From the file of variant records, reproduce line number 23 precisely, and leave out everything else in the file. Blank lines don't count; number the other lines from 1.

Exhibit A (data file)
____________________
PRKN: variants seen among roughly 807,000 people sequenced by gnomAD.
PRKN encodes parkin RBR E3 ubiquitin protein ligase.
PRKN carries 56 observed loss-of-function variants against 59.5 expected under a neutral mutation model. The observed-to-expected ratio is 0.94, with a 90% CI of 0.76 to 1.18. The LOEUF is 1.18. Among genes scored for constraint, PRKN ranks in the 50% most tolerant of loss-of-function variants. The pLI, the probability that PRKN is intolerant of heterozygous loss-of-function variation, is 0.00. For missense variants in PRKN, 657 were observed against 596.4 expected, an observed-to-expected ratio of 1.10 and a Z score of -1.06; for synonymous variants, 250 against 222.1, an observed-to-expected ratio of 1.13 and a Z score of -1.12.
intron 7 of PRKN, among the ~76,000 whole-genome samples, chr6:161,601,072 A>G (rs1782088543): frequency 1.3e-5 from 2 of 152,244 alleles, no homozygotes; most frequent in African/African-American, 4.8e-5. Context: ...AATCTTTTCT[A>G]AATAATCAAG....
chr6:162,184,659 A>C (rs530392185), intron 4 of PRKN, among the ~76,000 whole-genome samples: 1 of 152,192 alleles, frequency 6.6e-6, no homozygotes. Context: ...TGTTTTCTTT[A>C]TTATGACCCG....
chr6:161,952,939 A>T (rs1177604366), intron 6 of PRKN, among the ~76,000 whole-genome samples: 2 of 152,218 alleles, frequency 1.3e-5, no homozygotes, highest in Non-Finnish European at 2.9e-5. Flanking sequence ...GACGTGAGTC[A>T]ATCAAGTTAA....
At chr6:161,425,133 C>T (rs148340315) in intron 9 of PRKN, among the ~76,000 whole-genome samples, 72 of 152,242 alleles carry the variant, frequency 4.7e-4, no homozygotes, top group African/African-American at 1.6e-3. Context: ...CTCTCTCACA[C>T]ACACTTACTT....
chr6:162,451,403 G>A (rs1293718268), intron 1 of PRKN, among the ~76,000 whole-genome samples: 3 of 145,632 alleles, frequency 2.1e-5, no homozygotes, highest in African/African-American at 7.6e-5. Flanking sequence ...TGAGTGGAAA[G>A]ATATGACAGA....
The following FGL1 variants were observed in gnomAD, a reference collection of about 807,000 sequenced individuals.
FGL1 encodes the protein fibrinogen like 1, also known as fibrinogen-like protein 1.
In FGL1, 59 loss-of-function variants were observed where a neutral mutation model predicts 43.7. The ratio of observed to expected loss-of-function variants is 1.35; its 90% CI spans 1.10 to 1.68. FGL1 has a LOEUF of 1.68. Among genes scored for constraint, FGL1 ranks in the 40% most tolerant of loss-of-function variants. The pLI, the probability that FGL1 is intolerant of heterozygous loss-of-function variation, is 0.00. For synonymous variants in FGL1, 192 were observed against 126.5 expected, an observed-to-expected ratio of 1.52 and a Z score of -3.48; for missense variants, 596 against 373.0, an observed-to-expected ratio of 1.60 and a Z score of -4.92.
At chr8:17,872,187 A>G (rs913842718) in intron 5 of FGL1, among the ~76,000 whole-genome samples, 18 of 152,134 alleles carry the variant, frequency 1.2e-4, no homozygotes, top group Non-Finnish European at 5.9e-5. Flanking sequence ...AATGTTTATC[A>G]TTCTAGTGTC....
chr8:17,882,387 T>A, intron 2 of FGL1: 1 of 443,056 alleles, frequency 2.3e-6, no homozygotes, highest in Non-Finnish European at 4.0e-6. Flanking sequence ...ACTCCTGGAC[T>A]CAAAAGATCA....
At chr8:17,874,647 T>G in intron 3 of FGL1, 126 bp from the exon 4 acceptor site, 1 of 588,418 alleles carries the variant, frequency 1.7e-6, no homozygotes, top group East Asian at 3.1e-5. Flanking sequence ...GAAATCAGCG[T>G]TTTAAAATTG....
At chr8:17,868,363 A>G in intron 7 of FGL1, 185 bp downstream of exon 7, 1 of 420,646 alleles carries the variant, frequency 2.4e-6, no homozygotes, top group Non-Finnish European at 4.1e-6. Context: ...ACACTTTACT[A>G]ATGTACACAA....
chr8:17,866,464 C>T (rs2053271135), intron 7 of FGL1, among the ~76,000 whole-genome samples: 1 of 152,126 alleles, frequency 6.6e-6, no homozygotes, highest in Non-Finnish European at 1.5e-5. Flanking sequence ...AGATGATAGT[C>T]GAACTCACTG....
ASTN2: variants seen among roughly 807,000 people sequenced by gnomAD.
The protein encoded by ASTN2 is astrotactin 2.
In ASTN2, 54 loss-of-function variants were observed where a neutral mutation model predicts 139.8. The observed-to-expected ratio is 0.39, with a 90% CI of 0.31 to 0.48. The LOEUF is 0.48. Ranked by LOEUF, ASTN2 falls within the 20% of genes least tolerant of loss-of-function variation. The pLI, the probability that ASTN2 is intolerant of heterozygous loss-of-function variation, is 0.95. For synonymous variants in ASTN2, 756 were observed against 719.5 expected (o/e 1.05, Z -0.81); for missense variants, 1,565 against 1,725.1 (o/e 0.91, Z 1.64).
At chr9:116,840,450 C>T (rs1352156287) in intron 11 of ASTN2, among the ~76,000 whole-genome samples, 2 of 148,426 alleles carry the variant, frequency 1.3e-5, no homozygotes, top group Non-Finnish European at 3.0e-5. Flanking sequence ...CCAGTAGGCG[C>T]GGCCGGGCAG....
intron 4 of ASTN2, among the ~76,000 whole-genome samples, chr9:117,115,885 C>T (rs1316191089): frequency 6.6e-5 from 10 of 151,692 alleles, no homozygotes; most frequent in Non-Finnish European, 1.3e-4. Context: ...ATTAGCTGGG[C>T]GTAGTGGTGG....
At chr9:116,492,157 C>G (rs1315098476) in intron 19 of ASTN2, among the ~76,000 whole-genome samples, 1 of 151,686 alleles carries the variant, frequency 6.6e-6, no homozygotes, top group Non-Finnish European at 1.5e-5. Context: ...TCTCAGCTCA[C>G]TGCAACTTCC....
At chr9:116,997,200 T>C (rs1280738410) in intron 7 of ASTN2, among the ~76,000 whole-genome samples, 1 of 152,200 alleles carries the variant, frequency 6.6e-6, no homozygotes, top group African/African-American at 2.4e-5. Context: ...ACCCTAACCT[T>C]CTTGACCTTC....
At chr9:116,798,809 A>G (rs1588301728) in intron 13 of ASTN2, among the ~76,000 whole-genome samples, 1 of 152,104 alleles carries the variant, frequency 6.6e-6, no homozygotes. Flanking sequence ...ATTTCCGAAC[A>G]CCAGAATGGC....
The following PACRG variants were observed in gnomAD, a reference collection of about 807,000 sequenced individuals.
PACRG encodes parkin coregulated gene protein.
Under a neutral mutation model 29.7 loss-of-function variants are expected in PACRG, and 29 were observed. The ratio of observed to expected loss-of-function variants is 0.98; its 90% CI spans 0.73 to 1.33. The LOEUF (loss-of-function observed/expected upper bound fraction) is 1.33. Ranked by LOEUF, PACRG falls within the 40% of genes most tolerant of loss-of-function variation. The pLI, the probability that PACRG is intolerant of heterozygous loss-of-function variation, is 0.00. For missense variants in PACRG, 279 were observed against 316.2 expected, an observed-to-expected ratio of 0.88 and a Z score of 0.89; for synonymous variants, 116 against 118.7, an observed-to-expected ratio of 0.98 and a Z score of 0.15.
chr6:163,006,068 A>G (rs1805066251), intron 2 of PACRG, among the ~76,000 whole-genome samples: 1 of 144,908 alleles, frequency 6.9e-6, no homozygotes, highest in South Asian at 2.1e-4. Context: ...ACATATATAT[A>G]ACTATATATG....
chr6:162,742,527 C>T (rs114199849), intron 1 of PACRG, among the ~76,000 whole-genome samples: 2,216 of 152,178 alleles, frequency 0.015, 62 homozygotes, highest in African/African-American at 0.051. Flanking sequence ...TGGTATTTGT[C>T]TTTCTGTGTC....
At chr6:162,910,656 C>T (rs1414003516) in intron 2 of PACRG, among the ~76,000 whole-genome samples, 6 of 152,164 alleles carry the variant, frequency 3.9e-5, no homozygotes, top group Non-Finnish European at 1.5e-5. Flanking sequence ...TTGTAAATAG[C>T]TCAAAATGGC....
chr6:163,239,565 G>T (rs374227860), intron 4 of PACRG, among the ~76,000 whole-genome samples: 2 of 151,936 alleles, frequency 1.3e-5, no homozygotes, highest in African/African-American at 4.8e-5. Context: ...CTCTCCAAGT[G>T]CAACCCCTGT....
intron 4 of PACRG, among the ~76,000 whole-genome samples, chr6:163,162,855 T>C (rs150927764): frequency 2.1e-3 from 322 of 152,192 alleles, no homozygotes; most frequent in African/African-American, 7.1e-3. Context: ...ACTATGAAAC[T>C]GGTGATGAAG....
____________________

At chr9:116,997,200 T>C (rs1280738410) in intron 7 of ASTN2, among the ~76,000 whole-genome samples, 1 of 152,200 alleles carries the variant, frequency 6.6e-6, no homozygotes, top group African/African-American at 2.4e-5. Context: ...ACCCTAACCT[T>C]CTTGACCTTC....